Mobile phone batteries that exploded in flames during tests by officials in southern China were counterfeit, spokeswomen for Nokia and Motorola said Saturday.
The Guangdong Industrial and Commercial Administration's Web site said four batteries exploded while being recharged during quality tests, which flunked 40 percent of mobile phone batteries and 80 percent of chargers.
The tests also found that of 40 locally purchased batteries, 15 had a smaller capacity that labeled, sometimes by as much as half.
Motorola spokeswoman Mary Lamb told The Associated Press that Motorola immediately sent a team to Guangdong province and found that the tests were legitimate, but that the three batteries labeled Motorola were counterfeit.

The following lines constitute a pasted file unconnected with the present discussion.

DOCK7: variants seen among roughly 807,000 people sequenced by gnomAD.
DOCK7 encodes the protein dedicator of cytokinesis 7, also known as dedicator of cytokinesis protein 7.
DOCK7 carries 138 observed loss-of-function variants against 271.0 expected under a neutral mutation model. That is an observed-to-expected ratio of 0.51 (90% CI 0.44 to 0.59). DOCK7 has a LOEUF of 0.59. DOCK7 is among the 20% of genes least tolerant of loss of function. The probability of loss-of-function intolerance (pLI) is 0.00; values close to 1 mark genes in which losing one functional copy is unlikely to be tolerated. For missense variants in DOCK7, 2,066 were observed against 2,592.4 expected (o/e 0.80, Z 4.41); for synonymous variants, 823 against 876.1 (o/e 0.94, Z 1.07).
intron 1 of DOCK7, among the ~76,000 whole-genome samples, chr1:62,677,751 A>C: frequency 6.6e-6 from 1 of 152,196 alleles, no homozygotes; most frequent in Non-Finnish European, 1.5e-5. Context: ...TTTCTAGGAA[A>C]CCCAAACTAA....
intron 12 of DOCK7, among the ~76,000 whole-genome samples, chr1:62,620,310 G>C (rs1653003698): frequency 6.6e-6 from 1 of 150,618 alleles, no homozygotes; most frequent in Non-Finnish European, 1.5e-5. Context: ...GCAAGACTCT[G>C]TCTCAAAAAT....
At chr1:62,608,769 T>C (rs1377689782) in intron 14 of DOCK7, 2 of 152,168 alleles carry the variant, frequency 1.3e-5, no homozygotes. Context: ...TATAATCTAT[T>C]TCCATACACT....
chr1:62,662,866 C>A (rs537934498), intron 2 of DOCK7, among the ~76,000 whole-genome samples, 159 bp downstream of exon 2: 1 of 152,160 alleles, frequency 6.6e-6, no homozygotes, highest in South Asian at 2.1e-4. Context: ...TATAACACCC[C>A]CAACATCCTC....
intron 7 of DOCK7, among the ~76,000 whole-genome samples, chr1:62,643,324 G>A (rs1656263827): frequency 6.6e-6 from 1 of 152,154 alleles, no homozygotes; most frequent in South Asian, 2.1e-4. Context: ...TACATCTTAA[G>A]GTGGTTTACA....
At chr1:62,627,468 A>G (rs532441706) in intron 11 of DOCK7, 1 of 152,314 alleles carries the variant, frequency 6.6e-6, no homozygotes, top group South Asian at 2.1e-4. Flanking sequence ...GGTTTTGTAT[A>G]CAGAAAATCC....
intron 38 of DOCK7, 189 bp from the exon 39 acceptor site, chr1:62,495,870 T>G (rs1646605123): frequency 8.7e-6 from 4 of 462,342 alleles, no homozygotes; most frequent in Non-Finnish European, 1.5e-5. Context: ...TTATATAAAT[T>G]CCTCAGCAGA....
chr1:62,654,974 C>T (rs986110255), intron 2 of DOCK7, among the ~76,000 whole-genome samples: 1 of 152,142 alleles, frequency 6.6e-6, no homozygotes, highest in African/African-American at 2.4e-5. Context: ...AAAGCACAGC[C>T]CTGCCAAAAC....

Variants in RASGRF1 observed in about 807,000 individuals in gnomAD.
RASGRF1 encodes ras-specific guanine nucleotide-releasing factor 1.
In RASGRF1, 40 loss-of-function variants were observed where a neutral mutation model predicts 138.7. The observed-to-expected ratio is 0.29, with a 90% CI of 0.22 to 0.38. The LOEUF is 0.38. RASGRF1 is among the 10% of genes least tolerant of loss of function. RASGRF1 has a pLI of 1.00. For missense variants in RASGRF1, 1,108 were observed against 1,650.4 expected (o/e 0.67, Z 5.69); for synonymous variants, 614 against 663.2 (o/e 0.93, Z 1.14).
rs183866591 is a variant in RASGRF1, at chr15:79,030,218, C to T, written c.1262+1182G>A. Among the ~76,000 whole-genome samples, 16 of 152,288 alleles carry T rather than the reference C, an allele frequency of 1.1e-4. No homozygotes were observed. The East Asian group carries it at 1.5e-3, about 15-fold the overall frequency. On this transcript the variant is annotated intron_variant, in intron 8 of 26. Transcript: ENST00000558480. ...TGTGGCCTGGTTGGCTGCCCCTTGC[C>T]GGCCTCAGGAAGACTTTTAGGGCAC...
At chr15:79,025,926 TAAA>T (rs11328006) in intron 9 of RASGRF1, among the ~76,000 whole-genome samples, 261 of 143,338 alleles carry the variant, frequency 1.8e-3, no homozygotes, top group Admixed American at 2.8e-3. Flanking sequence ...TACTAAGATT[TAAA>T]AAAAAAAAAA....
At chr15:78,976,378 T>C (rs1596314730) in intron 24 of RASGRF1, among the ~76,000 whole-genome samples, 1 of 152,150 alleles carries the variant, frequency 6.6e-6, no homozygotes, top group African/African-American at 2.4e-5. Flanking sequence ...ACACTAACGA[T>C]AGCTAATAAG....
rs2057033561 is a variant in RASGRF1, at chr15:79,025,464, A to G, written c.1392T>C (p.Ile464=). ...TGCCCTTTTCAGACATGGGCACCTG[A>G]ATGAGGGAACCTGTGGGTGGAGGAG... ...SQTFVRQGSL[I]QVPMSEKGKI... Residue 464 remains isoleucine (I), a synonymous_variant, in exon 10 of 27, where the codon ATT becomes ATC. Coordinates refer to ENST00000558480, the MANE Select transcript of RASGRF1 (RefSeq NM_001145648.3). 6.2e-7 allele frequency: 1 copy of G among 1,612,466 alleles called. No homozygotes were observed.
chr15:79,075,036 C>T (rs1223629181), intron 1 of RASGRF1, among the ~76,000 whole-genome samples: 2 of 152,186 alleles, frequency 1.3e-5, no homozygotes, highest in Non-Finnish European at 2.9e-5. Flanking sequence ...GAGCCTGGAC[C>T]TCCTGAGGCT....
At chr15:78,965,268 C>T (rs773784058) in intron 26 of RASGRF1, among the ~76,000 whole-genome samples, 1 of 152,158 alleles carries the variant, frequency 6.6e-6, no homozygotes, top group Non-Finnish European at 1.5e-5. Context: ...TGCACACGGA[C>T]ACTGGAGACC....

"We went with members of the lab and actually looked at batteries, and determined they were not authentic," she said.
Nokia spokeswoman Han Ying said the battery labeled Nokia that exploded was counterfeit.
The batteries are the latest in a parade of unsafe goods from China, including poison pet food, fake blood protein and dangerous toys.
Chinese imports accounted for more than 60 percent of the recalls announced by the U.S. Consumer Product Safety Commission this year, and all of the 24 toy recalls.
China recently announced that nearly 20 percent of consumer goods it tested in the domestic market failed quality trials.
The mobile phone tests by Guangdong officials came as Chinese authorities investigate the death of a welder, who police say died when a Motorola phone exploded in his chest pocket.
A Motorola spokesman said that the company was helping with the investigation in Gansu province, and that it was "highly unlikely" that one of the company's products was to blame.